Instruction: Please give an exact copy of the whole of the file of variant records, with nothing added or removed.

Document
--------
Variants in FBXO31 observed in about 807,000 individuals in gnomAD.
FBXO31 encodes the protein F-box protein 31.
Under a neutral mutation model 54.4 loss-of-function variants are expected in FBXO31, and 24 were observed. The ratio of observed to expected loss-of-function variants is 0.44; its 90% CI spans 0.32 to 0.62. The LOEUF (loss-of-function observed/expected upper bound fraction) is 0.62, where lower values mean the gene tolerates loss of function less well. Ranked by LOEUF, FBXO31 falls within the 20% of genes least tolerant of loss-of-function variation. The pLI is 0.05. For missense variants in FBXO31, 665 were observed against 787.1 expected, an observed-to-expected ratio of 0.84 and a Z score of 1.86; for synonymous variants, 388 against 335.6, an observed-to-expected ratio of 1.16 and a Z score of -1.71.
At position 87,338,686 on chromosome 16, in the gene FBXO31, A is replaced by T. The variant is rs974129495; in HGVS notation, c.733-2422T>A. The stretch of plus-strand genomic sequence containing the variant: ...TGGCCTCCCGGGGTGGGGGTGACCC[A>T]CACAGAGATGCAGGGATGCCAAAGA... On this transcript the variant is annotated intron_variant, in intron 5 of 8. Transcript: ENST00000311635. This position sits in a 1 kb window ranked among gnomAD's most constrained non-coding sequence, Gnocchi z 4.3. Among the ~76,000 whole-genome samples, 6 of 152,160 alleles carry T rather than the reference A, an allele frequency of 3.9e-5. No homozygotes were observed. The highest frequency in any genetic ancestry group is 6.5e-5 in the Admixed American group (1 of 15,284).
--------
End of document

Variants in FBXO31 observed in about 807,000 individuals in gnomAD.
FBXO31 encodes the protein F-box protein 31.
Under a neutral mutation model 54.4 loss-of-function variants are expected in FBXO31, and 24 were observed. The ratio of observed to expected loss-of-function variants is 0.44; its 90% CI spans 0.32 to 0.62. The LOEUF (loss-of-function observed/expected upper bound fraction) is 0.62, where lower values mean the gene tolerates loss of function less well. Ranked by LOEUF, FBXO31 falls within the 20% of genes least tolerant of loss-of-function variation. The pLI is 0.05. For missense variants in FBXO31, 665 were observed against 787.1 expected, an observed-to-expected ratio of 0.84 and a Z score of 1.86; for synonymous variants, 388 against 335.6, an observed-to-expected ratio of 1.16 and a Z score of -1.71.
At position 87,338,686 on chromosome 16, in the gene FBXO31, A is replaced by T. The variant is rs974129495; in HGVS notation, c.733-2422T>A. The stretch of plus-strand genomic sequence containing the variant: ...TGGCCTCCCGGGGTGGGGGTGACCC[A>T]CACAGAGATGCAGGGATGCCAAAGA... On this transcript the variant is annotated intron_variant, in intron 5 of 8. Transcript: ENST00000311635. This position sits in a 1 kb window ranked among gnomAD's most constrained non-coding sequence, Gnocchi z 4.3. Among the ~76,000 whole-genome samples, 6 of 152,160 alleles carry T rather than the reference A, an allele frequency of 3.9e-5. No homozygotes were observed. The highest frequency in any genetic ancestry group is 6.5e-5 in the Admixed American group (1 of 15,284).